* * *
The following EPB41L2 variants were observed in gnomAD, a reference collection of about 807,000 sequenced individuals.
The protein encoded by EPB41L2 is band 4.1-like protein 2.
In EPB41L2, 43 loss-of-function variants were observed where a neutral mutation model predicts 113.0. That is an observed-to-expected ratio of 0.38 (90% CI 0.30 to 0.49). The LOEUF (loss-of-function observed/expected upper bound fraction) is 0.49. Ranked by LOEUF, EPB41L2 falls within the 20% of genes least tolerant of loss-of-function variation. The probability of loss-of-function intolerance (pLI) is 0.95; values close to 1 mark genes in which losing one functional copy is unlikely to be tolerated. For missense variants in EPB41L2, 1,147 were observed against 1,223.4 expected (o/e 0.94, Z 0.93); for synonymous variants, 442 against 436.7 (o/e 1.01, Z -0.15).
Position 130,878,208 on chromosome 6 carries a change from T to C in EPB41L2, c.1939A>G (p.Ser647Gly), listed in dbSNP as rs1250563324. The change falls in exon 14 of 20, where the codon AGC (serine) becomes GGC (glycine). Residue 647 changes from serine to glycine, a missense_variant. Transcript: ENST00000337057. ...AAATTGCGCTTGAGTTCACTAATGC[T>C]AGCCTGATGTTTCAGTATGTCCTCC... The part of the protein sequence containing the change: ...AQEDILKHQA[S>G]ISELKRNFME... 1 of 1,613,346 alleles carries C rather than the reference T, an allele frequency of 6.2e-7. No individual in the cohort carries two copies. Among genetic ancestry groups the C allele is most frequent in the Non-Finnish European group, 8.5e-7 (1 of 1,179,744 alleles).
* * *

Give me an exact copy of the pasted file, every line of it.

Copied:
The following EPB41L2 variants were observed in gnomAD, a reference collection of about 807,000 sequenced individuals.
The protein encoded by EPB41L2 is band 4.1-like protein 2.
In EPB41L2, 43 loss-of-function variants were observed where a neutral mutation model predicts 113.0. That is an observed-to-expected ratio of 0.38 (90% CI 0.30 to 0.49). The LOEUF (loss-of-function observed/expected upper bound fraction) is 0.49. Ranked by LOEUF, EPB41L2 falls within the 20% of genes least tolerant of loss-of-function variation. The probability of loss-of-function intolerance (pLI) is 0.95; values close to 1 mark genes in which losing one functional copy is unlikely to be tolerated. For missense variants in EPB41L2, 1,147 were observed against 1,223.4 expected (o/e 0.94, Z 0.93); for synonymous variants, 442 against 436.7 (o/e 1.01, Z -0.15).
Position 130,878,208 on chromosome 6 carries a change from T to C in EPB41L2, c.1939A>G (p.Ser647Gly), listed in dbSNP as rs1250563324. The change falls in exon 14 of 20, where the codon AGC (serine) becomes GGC (glycine). Residue 647 changes from serine to glycine, a missense_variant. Transcript: ENST00000337057. ...AAATTGCGCTTGAGTTCACTAATGC[T>C]AGCCTGATGTTTCAGTATGTCCTCC... The part of the protein sequence containing the change: ...AQEDILKHQA[S>G]ISELKRNFME... 1 of 1,613,346 alleles carries C rather than the reference T, an allele frequency of 6.2e-7. No individual in the cohort carries two copies. Among genetic ancestry groups the C allele is most frequent in the Non-Finnish European group, 8.5e-7 (1 of 1,179,744 alleles).